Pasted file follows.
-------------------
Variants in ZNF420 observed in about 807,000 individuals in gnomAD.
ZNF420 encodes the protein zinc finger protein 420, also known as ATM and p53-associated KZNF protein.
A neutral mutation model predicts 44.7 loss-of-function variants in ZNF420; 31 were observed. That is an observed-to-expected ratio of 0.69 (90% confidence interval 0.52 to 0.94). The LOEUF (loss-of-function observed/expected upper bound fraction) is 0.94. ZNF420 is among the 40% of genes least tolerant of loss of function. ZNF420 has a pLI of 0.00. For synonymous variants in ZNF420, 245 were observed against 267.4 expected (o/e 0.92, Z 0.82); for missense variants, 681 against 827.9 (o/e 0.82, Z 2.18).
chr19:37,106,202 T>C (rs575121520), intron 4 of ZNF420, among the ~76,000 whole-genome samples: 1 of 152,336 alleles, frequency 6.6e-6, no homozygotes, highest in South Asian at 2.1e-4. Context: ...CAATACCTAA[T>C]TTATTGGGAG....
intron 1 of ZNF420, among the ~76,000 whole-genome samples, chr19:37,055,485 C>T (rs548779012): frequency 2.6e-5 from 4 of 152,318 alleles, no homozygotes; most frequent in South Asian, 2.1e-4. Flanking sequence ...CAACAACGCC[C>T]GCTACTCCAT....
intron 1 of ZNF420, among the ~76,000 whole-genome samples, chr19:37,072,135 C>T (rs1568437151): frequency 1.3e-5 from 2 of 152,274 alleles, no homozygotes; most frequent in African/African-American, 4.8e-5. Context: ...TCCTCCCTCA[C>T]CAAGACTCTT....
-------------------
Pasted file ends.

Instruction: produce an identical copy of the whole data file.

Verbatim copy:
Variants in ZNF420 observed in about 807,000 individuals in gnomAD.
ZNF420 encodes the protein zinc finger protein 420, also known as ATM and p53-associated KZNF protein.
A neutral mutation model predicts 44.7 loss-of-function variants in ZNF420; 31 were observed. That is an observed-to-expected ratio of 0.69 (90% confidence interval 0.52 to 0.94). The LOEUF (loss-of-function observed/expected upper bound fraction) is 0.94. ZNF420 is among the 40% of genes least tolerant of loss of function. ZNF420 has a pLI of 0.00. For synonymous variants in ZNF420, 245 were observed against 267.4 expected (o/e 0.92, Z 0.82); for missense variants, 681 against 827.9 (o/e 0.82, Z 2.18).
chr19:37,106,202 T>C (rs575121520), intron 4 of ZNF420, among the ~76,000 whole-genome samples: 1 of 152,336 alleles, frequency 6.6e-6, no homozygotes, highest in South Asian at 2.1e-4. Context: ...CAATACCTAA[T>C]TTATTGGGAG....
intron 1 of ZNF420, among the ~76,000 whole-genome samples, chr19:37,055,485 C>T (rs548779012): frequency 2.6e-5 from 4 of 152,318 alleles, no homozygotes; most frequent in South Asian, 2.1e-4. Flanking sequence ...CAACAACGCC[C>T]GCTACTCCAT....
intron 1 of ZNF420, among the ~76,000 whole-genome samples, chr19:37,072,135 C>T (rs1568437151): frequency 1.3e-5 from 2 of 152,274 alleles, no homozygotes; most frequent in African/African-American, 4.8e-5. Context: ...TCCTCCCTCA[C>T]CAAGACTCTT....